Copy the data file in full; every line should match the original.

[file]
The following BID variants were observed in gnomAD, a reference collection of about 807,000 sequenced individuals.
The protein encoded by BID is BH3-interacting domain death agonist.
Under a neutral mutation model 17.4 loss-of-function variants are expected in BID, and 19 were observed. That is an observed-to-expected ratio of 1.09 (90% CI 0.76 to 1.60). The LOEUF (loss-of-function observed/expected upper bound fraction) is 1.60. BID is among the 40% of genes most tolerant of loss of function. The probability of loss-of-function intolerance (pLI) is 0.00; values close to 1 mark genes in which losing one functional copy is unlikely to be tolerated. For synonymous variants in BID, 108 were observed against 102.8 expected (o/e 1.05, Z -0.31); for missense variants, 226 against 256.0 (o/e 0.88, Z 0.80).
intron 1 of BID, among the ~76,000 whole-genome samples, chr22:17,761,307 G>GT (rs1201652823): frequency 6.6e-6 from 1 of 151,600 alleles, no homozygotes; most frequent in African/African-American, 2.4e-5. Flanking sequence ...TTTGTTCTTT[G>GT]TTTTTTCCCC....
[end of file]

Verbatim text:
The following BID variants were observed in gnomAD, a reference collection of about 807,000 sequenced individuals.
The protein encoded by BID is BH3-interacting domain death agonist.
Under a neutral mutation model 17.4 loss-of-function variants are expected in BID, and 19 were observed. That is an observed-to-expected ratio of 1.09 (90% CI 0.76 to 1.60). The LOEUF (loss-of-function observed/expected upper bound fraction) is 1.60. BID is among the 40% of genes most tolerant of loss of function. The probability of loss-of-function intolerance (pLI) is 0.00; values close to 1 mark genes in which losing one functional copy is unlikely to be tolerated. For synonymous variants in BID, 108 were observed against 102.8 expected (o/e 1.05, Z -0.31); for missense variants, 226 against 256.0 (o/e 0.88, Z 0.80).
intron 1 of BID, among the ~76,000 whole-genome samples, chr22:17,761,307 G>GT (rs1201652823): frequency 6.6e-6 from 1 of 151,600 alleles, no homozygotes; most frequent in African/African-American, 2.4e-5. Flanking sequence ...TTTGTTCTTT[G>GT]TTTTTTCCCC....